The Step By Step Guide to Publishing and Ranking #1 on Kindle!

Ranking #1 on Kindle: A Step-by-Step Guide to Successfully Publishing and Launching your Ebook!

Want to learn how to publish and launch your book? How about ranking #1 on Kindle? Great! You’re in the right place!

After I finished my first book, my editor (I’ll get to that in a minute) told me that the easy part was writing the book- the hard part she said, was marketing the thing.  I didn’t believe her, but she explained that for a first -time author, it is difficult to get noticed and to sell a bunch of copies: in her words, it was  going to be a slog.

So I was determined to have a plan how to publish properly on Kindle.

 I did a bunch of research. I read a lot of blog posts.  I even bought an Amazon publishing course on Udemy that gave me very few new strategies.
This blog post is the sum of what I learned, filling in the holes where there were any,  as well as some of the logic behind what I did to get my book to #1 on Amazon Kindle.
 To make it easy for you, I put it in a calendar infographic to give you an idea of the big picture (just click on the image to get a larger image):


Screen Shot 2016-03-05 at 4.53.33 PM
Before I get into details of  the strategy and timeline, let me bring a up a few things when you’re putting your book together that are hugely important, and can help your sales and rankings:


For reals- Hire and editor.  A good one.  This is important for a variety of reasons.  First, ideally you will not want to publish garbage and a good editor can help you avoid that. Also, even if you have a killer story and follow all of the grammatical rules, invariably there will be some mistakes and typos.  And you know what?  People will find them and despite your story many jerks will rate your book 1-star simply because of this.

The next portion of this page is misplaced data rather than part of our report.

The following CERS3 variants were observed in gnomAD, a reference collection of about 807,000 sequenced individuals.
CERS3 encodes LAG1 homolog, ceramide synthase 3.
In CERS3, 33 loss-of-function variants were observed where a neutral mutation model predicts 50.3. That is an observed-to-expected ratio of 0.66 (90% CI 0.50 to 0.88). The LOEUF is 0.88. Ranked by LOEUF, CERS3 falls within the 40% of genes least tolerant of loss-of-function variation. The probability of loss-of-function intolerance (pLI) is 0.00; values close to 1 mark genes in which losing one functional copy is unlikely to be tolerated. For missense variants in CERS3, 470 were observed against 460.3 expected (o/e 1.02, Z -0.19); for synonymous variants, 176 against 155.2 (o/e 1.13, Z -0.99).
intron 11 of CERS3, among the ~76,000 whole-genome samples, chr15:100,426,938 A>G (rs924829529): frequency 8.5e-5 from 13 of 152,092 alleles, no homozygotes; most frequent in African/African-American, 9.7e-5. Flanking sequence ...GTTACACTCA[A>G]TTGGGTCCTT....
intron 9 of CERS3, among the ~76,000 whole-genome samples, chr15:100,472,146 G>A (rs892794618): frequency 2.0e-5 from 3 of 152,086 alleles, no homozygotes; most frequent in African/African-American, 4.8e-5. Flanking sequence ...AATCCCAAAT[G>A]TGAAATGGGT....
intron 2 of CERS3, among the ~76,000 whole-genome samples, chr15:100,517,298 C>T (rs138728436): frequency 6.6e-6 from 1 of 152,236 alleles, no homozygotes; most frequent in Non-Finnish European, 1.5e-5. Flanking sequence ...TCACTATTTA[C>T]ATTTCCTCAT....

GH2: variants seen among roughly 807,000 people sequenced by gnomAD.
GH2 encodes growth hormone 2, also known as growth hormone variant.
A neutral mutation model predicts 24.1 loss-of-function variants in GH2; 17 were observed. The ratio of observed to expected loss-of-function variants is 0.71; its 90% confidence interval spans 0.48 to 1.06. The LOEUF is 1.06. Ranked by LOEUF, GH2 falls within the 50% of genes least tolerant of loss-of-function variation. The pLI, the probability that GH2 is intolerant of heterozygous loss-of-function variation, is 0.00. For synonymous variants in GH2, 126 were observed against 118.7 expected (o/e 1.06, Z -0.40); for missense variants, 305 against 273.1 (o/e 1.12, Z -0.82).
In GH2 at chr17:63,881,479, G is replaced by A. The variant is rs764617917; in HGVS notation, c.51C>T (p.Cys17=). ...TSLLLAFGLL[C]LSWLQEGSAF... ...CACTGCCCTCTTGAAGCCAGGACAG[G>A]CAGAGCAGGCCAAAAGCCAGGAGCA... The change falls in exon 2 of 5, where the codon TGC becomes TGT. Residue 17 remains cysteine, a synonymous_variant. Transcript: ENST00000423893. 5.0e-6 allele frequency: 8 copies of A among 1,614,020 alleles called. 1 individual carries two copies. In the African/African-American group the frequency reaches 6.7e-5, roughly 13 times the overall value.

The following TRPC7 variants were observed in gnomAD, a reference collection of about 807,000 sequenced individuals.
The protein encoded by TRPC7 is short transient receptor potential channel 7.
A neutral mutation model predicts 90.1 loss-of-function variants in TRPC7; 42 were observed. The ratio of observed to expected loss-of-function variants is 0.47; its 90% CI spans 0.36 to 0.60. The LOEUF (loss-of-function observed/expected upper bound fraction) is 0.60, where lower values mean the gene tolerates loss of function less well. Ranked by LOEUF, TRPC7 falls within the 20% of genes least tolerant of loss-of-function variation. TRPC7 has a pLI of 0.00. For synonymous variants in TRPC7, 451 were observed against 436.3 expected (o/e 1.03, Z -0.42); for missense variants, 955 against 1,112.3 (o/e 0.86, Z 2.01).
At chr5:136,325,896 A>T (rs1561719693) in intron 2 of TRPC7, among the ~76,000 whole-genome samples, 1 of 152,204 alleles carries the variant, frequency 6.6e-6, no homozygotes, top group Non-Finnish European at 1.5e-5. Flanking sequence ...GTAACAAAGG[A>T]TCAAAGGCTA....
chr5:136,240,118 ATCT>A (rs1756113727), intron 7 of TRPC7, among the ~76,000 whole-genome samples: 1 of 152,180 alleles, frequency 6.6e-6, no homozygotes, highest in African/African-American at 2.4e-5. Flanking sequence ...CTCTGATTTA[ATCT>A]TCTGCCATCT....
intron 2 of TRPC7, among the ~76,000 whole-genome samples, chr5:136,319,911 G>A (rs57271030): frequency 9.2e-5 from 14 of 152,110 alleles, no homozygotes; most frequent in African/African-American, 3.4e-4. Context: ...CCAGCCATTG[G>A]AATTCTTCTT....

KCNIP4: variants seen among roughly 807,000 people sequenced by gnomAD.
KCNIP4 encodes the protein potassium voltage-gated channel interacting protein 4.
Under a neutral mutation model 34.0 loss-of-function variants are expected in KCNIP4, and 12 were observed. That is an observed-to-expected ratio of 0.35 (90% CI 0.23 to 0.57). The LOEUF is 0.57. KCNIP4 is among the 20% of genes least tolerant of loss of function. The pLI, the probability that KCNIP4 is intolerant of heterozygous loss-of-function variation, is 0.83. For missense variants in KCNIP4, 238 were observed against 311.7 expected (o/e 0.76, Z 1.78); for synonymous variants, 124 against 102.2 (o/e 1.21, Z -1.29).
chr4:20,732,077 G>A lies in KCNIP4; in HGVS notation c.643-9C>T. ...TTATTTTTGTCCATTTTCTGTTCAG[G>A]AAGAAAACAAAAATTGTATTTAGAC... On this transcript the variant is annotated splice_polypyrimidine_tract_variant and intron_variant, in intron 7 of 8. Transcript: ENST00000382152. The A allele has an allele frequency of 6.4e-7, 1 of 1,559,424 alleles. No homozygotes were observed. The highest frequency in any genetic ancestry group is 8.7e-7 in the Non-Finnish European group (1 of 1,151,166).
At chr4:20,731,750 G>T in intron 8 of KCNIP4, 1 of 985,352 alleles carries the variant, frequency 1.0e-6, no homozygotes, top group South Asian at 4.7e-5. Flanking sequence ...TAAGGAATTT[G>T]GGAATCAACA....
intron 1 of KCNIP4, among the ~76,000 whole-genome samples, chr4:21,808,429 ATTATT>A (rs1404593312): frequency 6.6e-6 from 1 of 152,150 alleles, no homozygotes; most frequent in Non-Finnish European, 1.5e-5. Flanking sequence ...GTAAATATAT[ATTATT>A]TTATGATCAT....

After doing some research on the internet- I settled on an editor that I thought would be a good fit-  But I did this after interviewing a few, checking prices and reading their websites.  I chose Lori Handelman with Clear Voice editing and with her advice, decided to proceed with the editing in a 2-step format.  First I had her do an “evaluation.”


Basically I wanted to know if what I wrote was worth a shit.  If it wasn’t- I wouldn’t publish it- even on Kindle.  This cost  – for my manuscript  which was about 50k words- a little over $400.

It was, as are most editing services, priced by that word.

It took 4 days once she started and I received a brief evaluation and then 17 pages of changes. 17! Quite thorough, and kind of a bummer.  but her consensus was that it was worth the effort to revise.  So, 3 months later I ordered a copy edit (there are other types of edits where you can hash out different things, but these were the 2 I used) that basically went over the book with a fine-toothed comb, suggested changes, and went through and corrected grammar, commas, etc.  Did you know there’s more than one type of dash?  I did not.  Through her suggestions, I think I made 200-300 minor fixes.  This edit cost about $1700.

So for everything – I was in for about $2k.

If, you are writing about raising sea monkeys, you might not want to pay this much for editing services. But, if you have a great book, and are worried about the random negative review from some grammar mistakes,  it is worth it.